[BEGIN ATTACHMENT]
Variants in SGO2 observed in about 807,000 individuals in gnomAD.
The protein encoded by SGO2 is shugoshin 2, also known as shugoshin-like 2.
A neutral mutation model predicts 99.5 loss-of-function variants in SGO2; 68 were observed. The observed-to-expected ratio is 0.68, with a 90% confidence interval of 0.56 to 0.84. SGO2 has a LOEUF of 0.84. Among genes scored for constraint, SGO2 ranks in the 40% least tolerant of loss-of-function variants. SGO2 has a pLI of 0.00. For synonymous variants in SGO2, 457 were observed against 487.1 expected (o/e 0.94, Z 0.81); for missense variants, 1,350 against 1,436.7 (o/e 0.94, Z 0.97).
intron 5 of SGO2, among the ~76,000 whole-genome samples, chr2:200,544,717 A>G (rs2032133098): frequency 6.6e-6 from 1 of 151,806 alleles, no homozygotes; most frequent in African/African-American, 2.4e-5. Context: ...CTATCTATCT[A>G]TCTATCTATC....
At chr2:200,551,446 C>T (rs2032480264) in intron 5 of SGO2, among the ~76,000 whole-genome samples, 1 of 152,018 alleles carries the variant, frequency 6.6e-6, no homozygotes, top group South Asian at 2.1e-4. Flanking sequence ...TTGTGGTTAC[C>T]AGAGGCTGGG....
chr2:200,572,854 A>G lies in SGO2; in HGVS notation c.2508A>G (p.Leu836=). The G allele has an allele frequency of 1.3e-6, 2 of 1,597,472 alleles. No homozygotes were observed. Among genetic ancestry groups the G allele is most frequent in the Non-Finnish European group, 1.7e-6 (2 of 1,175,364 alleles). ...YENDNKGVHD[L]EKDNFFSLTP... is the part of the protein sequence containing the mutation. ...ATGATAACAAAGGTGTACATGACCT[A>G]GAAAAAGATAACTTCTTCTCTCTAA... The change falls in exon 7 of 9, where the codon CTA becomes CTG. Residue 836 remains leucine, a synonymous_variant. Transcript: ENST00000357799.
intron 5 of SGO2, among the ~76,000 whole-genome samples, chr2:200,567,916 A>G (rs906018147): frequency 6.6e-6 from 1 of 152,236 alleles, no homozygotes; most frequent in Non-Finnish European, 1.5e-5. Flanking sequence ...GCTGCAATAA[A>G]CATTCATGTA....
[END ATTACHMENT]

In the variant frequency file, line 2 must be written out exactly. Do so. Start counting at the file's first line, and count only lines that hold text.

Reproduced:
The protein encoded by SGO2 is shugoshin 2, also known as shugoshin-like 2.